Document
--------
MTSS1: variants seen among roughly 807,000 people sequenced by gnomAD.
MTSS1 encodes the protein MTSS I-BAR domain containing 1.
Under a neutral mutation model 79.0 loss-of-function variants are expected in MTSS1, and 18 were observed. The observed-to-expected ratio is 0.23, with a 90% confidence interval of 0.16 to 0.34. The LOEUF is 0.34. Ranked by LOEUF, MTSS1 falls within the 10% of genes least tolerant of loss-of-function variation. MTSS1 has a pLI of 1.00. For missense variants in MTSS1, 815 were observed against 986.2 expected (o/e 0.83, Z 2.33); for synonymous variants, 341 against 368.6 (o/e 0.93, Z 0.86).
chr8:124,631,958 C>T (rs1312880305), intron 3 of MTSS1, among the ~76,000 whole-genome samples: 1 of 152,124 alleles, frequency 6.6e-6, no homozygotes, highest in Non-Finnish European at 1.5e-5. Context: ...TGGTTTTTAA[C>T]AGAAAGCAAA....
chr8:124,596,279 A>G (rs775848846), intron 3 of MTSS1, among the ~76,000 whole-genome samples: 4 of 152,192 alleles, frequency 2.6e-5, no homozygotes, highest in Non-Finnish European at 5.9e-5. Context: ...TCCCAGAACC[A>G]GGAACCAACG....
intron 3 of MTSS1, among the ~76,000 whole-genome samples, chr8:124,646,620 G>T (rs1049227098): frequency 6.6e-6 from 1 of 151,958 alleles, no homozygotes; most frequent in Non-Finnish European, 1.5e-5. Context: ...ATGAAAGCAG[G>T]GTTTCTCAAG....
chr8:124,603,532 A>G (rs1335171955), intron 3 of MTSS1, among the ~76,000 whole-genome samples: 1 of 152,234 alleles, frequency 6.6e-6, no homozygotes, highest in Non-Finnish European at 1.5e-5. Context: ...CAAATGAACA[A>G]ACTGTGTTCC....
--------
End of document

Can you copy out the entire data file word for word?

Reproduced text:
MTSS1: variants seen among roughly 807,000 people sequenced by gnomAD.
MTSS1 encodes the protein MTSS I-BAR domain containing 1.
Under a neutral mutation model 79.0 loss-of-function variants are expected in MTSS1, and 18 were observed. The observed-to-expected ratio is 0.23, with a 90% confidence interval of 0.16 to 0.34. The LOEUF is 0.34. Ranked by LOEUF, MTSS1 falls within the 10% of genes least tolerant of loss-of-function variation. MTSS1 has a pLI of 1.00. For missense variants in MTSS1, 815 were observed against 986.2 expected (o/e 0.83, Z 2.33); for synonymous variants, 341 against 368.6 (o/e 0.93, Z 0.86).
chr8:124,631,958 C>T (rs1312880305), intron 3 of MTSS1, among the ~76,000 whole-genome samples: 1 of 152,124 alleles, frequency 6.6e-6, no homozygotes, highest in Non-Finnish European at 1.5e-5. Context: ...TGGTTTTTAA[C>T]AGAAAGCAAA....
chr8:124,596,279 A>G (rs775848846), intron 3 of MTSS1, among the ~76,000 whole-genome samples: 4 of 152,192 alleles, frequency 2.6e-5, no homozygotes, highest in Non-Finnish European at 5.9e-5. Context: ...TCCCAGAACC[A>G]GGAACCAACG....
intron 3 of MTSS1, among the ~76,000 whole-genome samples, chr8:124,646,620 G>T (rs1049227098): frequency 6.6e-6 from 1 of 151,958 alleles, no homozygotes; most frequent in Non-Finnish European, 1.5e-5. Context: ...ATGAAAGCAG[G>T]GTTTCTCAAG....
chr8:124,603,532 A>G (rs1335171955), intron 3 of MTSS1, among the ~76,000 whole-genome samples: 1 of 152,234 alleles, frequency 6.6e-6, no homozygotes, highest in Non-Finnish European at 1.5e-5. Context: ...CAAATGAACA[A>G]ACTGTGTTCC....